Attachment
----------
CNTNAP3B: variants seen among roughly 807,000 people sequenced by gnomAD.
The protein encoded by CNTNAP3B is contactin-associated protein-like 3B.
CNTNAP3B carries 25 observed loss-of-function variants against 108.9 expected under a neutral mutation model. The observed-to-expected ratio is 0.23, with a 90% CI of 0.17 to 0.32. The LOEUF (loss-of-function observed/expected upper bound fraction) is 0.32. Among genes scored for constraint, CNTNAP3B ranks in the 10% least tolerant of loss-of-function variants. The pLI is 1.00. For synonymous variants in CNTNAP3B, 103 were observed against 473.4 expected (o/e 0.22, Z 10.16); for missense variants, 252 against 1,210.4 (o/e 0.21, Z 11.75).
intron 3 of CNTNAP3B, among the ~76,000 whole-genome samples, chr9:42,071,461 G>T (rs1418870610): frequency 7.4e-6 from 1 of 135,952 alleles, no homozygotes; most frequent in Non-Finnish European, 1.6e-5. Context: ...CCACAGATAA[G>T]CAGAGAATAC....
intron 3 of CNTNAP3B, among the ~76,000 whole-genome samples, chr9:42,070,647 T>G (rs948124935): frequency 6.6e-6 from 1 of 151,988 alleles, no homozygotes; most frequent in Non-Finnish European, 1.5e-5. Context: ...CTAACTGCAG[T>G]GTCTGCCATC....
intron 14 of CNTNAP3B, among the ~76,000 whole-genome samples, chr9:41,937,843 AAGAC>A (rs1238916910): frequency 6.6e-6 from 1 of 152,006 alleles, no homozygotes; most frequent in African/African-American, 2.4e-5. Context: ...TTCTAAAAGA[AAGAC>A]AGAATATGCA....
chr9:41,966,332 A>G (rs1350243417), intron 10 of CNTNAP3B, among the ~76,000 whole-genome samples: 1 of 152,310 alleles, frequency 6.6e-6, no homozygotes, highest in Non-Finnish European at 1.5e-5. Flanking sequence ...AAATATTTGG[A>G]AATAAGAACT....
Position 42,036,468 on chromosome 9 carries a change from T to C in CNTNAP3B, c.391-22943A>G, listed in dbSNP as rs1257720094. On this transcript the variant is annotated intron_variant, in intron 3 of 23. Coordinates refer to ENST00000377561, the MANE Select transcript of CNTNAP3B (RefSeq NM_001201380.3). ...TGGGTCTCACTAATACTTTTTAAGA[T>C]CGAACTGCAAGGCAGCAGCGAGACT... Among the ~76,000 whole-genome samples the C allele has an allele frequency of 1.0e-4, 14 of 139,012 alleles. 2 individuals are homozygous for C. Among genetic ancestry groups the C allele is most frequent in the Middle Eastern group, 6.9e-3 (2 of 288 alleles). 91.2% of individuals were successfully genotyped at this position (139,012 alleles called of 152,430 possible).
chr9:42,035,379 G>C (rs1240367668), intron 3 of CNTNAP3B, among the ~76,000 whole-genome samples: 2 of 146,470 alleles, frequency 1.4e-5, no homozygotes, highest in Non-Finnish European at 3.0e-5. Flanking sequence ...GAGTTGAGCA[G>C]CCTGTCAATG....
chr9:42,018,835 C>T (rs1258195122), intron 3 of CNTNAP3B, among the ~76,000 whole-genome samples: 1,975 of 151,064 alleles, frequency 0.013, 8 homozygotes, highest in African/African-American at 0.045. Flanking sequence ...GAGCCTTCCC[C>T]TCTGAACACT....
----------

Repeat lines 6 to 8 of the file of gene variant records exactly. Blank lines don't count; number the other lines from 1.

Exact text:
intron 14 of CNTNAP3B, among the ~76,000 whole-genome samples, chr9:41,937,843 AAGAC>A (rs1238916910): frequency 6.6e-6 from 1 of 152,006 alleles, no homozygotes; most frequent in African/African-American, 2.4e-5. Context: ...TTCTAAAAGA[AAGAC>A]AGAATATGCA....
chr9:41,966,332 A>G (rs1350243417), intron 10 of CNTNAP3B, among the ~76,000 whole-genome samples: 1 of 152,310 alleles, frequency 6.6e-6, no homozygotes, highest in Non-Finnish European at 1.5e-5. Flanking sequence ...AAATATTTGG[A>G]AATAAGAACT....
Position 42,036,468 on chromosome 9 carries a change from T to C in CNTNAP3B, c.391-22943A>G, listed in dbSNP as rs1257720094. On this transcript the variant is annotated intron_variant, in intron 3 of 23. Coordinates refer to ENST00000377561, the MANE Select transcript of CNTNAP3B (RefSeq NM_001201380.3). ...TGGGTCTCACTAATACTTTTTAAGA[T>C]CGAACTGCAAGGCAGCAGCGAGACT... Among the ~76,000 whole-genome samples the C allele has an allele frequency of 1.0e-4, 14 of 139,012 alleles. 2 individuals are homozygous for C. Among genetic ancestry groups the C allele is most frequent in the Middle Eastern group, 6.9e-3 (2 of 288 alleles). 91.2% of individuals were successfully genotyped at this position (139,012 alleles called of 152,430 possible).